There’s a level of hypocrisy that we all possess.   We profess to wanting to do good, but we give ourselves allowance to sin because we can’t take it.   We profess to loving God, and believing in His benevolence, but we invoke His name when we curse others, our fate, or our fortunes.   We talk of putting God at the center of our lives, but He is furthest in our thoughts.   It’s an acceptable hypocrisy, and sometimes we think it’s not one at all.

God is an embarrassment in this modern world.   We like to think that this is not true, that we do good by Him and follow His commandments.   We have not done anything wrong with Him, and have not offended Him.  (You may not be perfect, but you’re not a monster either.)    But you hold up a Bible, and try to talk a conversation about God, and people will look the other way.   Try to pray the rosary in public, and people will feel awkward or even mock you.   Try to talk about piety, and people will start asking if you’re a priest or want to be (because that’s what priests do).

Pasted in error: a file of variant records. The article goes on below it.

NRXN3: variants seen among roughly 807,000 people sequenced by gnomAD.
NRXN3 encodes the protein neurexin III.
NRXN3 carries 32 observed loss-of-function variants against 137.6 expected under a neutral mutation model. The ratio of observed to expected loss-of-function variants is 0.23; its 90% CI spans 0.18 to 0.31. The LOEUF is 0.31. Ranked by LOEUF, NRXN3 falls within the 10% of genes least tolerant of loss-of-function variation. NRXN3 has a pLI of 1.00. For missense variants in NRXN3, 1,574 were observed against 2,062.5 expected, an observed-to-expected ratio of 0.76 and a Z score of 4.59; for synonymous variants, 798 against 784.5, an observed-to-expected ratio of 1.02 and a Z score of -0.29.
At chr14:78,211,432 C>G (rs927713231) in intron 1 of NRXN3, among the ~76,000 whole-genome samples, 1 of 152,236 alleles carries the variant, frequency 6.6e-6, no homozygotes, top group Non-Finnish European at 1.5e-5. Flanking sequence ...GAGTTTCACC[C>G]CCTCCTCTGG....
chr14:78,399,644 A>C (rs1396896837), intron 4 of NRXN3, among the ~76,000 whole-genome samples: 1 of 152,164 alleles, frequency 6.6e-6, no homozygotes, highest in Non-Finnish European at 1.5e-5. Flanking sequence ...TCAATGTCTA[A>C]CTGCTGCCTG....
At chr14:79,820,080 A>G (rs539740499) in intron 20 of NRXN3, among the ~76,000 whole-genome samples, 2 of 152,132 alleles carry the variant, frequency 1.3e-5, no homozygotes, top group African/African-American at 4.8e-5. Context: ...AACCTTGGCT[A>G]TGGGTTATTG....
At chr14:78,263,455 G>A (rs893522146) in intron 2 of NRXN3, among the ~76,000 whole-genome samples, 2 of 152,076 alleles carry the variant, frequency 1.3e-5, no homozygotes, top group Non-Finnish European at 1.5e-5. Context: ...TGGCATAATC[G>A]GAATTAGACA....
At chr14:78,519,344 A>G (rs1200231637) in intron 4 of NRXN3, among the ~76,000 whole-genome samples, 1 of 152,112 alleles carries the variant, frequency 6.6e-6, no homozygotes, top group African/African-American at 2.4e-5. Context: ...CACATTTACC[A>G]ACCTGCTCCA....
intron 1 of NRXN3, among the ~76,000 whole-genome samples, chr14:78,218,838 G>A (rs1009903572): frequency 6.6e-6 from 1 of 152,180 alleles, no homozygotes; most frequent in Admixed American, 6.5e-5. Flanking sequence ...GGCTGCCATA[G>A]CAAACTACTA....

God may be an important part of our lives, but we can’t have time for Him.   It’s too much effort to pick up a rosary, or read the Bible.   It’s too much effort to read the doctrines or study the Faith.   Saints do that.  Superhuman, comic book saints.   There are more important things to do, and a lot of them.   We can’t afford to spend our free time, when there is, on prayers.   It’s too much work.

We actually don’t know what to do with God.  At least, we don’t know how to share our feelings about Him without seeming awkward or out of place.   We go to the weekly Mass, say our prayers, but don’t think much about it.   We set Him aside in the corner of our heads, and find it uncomfortable to talk about Him to others.

There’s a problem with this.  When we love someone, it’s not enough not to do anything wrong with that person.   We have to show actively that we care.   We give tokens of affection, and we try to get to know them.   We show off, and profess our love for them.   We commit ourselves in a relationship and when we truly love someone, we profess our love before God in marriage.  We put them at the center of our lives.

If we don’t do that, then they are no more important to us as a stranger.   If you don’t profess love with someone, but at least talk to them and share a common interest, you’re friends.   If you maybe not share a common interest, but are tied together by a deeper bond either by relationship or kinship, you’re family.   But if you don’t tie to them by commitment, friendship, or kinship, then what is that person to you?   Familiar strangers at least turn into acquaintances if you start to talk to them.   Distant strangers pass you by everyday and you don’t give time to remember their faces.